The FAA has issued an Airworthiness Directive (AD) for Twin Commander 690s, 690As and 690Bs requiring inspection for cracking of the outer fuselage attachments, the lower wing main spar, the vertical channels, the upper picture window channels, aft cabin pressure web, external wing to fuselage fillets and fasteners. It requires modification of the structure with reinforced parts. According to the AD, the condition, if not corrected, could result in structural failure of the airplane.
Basic manual and cognitive flying skills decline because of a lack of practice actually flying the aircraft, according to 80 percent of 151 respondents to a European Aviation Safety Agency survey about cockpit automation. That same number also believe pilots’ feel for the airplane can deteriorate significantly when they don’t hand fly the aircraft often enough.
Last week, the FAA issued a two-year renewal for Exemption 7897, more commonly known as “NBAA’s small aircraft exemption,” which permits NBAA members operating small aircraft “to take advantage of flexibility usually available only to operators of larger, turbine-powered airplanes,” the association said.
Gardner Aviation Services is offering a general aviation fixed-wing and rotorcraft product support catalog that features avionics, instruments and pilot supplies, including the latest in digital displays, communications and ADS-B technologies. The new catalog serves as a buyer’s guide for selecting equipment designed for both fixed- and rotary-wing aircraft. Product photos and descriptions identify hundreds of items and their function.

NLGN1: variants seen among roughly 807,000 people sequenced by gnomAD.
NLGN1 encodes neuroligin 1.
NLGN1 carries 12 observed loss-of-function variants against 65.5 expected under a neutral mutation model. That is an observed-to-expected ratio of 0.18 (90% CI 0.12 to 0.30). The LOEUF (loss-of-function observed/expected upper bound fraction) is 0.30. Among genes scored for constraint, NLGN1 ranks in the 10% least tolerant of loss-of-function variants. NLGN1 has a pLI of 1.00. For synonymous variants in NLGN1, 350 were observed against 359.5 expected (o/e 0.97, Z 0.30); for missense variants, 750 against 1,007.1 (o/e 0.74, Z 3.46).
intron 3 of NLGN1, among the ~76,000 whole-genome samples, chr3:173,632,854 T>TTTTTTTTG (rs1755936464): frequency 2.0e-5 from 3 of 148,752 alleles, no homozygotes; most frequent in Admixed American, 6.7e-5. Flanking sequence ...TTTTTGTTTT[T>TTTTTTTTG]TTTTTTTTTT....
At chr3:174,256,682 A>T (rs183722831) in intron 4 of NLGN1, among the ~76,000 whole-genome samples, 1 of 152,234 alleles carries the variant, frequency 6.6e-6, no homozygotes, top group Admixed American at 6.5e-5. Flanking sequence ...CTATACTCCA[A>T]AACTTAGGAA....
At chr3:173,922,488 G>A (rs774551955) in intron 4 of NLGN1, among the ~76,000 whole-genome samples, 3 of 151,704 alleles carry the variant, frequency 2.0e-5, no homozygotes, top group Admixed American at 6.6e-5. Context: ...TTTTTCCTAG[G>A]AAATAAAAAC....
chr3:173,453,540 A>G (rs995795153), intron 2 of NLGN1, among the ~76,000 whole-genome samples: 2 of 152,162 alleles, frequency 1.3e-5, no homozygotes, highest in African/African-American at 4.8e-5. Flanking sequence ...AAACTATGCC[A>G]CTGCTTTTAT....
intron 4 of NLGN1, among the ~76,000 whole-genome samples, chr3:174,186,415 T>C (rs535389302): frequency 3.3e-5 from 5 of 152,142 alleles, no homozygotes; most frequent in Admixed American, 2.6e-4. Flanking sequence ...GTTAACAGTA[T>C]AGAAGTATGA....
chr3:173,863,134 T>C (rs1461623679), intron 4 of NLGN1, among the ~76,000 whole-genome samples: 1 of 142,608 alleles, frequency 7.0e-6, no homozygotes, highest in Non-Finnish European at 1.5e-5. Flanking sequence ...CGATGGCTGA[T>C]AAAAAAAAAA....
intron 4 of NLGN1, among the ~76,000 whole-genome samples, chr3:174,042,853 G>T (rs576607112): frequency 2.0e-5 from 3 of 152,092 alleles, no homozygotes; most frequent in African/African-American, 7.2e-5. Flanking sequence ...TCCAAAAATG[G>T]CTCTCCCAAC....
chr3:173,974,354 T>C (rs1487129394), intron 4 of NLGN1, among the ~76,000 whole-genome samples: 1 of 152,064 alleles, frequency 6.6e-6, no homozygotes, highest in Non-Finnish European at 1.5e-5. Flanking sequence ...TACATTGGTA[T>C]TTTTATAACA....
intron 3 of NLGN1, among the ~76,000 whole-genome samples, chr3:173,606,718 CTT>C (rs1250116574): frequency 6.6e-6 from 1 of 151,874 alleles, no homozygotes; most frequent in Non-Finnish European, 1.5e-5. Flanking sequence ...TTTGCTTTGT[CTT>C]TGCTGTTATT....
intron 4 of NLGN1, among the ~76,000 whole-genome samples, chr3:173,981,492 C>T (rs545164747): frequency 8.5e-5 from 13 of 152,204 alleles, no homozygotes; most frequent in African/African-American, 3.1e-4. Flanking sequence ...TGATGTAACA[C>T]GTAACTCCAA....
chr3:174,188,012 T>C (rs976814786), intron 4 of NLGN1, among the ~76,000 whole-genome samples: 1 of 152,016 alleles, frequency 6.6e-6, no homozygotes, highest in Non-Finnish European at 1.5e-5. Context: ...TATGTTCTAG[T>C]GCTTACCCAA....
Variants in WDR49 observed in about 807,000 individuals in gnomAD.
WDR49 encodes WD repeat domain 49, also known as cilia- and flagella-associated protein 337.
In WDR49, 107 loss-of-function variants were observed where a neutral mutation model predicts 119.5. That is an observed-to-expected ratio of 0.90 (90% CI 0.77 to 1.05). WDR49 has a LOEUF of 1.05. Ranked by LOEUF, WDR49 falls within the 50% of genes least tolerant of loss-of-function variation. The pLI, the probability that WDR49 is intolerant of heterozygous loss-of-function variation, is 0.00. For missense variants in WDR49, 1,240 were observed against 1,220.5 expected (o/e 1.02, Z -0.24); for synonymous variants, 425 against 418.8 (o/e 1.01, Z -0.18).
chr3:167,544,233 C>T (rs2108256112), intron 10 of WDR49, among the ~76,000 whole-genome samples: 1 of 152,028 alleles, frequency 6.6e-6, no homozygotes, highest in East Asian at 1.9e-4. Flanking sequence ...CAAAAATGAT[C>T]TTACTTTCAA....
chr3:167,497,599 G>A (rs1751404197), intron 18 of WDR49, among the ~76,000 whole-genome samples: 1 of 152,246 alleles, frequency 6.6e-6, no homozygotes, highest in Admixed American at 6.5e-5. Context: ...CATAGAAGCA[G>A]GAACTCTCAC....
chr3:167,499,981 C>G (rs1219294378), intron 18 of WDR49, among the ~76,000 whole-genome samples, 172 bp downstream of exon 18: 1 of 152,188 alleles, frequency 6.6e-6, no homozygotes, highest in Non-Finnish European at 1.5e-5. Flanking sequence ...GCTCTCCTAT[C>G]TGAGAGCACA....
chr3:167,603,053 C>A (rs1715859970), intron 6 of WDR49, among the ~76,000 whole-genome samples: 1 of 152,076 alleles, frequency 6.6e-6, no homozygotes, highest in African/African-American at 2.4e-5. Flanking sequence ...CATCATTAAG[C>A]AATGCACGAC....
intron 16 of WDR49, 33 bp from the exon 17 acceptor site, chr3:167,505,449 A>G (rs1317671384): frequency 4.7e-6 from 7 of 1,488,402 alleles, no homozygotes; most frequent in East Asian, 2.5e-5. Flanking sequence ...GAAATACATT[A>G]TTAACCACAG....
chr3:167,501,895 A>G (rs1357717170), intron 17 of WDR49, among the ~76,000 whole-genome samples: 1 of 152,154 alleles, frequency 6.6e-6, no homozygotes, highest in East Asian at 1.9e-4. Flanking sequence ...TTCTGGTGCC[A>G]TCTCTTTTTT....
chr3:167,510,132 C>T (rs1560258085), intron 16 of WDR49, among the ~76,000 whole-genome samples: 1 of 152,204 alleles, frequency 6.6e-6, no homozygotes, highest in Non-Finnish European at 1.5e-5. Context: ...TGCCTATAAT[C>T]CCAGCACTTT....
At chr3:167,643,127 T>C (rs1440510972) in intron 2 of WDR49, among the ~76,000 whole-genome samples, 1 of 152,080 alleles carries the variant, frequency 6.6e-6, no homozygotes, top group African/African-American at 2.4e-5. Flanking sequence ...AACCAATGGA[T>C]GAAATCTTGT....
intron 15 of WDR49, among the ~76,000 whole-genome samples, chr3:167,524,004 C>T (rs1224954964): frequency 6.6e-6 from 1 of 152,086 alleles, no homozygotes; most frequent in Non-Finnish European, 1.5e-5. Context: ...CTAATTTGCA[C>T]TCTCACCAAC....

Leading Edge Composites (Booth No. N4535) announced the expansion of its aircraft cabinetry capabilities, “combining the industry experience and success of our formidable composite parts production with innovative cabinet design and finishing service.”
According to director of new product development Paul Norris, expansion at the company’s Oxford, Pa. facilities allows owners, operators and completion centers working with both rotor- and fixed-wing aircraft to enjoy the benefits of working with an integrated design, engineering, production and finishing facility.
Eighteen of 21 people aboard a tourist balloon ride died in Luxor, Egypt, on February 26 when the aircraft’s gas chamber exploded, sending the balloon falling nearly 1,000 feet to the ground. The crash is believed to have been the deadliest balloon accident in the world over the past 20 years. The local governor of Luxor province banned any further balloon flights until further notice.
If your engine or engines suddenly quit, could you glide safely to the end of a runway? If that does happen, an iPad/iPhone app called Xavion can help point the way to a safe landing in any weather.
Xavion is the latest product from X-Plane simulator developer Austin Meyer’s Laminar Research. The company tested Xavion extensively on X-Plane and used the simulations to hone the program’s algorithms. A side benefit is that you can run Xavion on X-Plane to practice before trying it in a real airplane.
An ATR 72 operated under the Alitalia network by Romanian carrier Carpatair was substantially damaged on February 2 when the crew lost control of the aircraft on landing at Rome Fiumicino Airport in Italy (LIRF). The wind at the time of the accident was approximately 90 degrees to Runway 16, gusting to 41 knots.
Four of the 50 people aboard were injured, two seriously.
The search for answers continues into what caused the mid-afternoon landing overrun accident of a Gulfstream GIV at Le Castellet Airport (LFMQ), in France, on July 13.
General Electric/Safran joint venture Nexcelle has successfully completed the test program for the thrust reverser on next-generation integrated propulsion systems (IPS).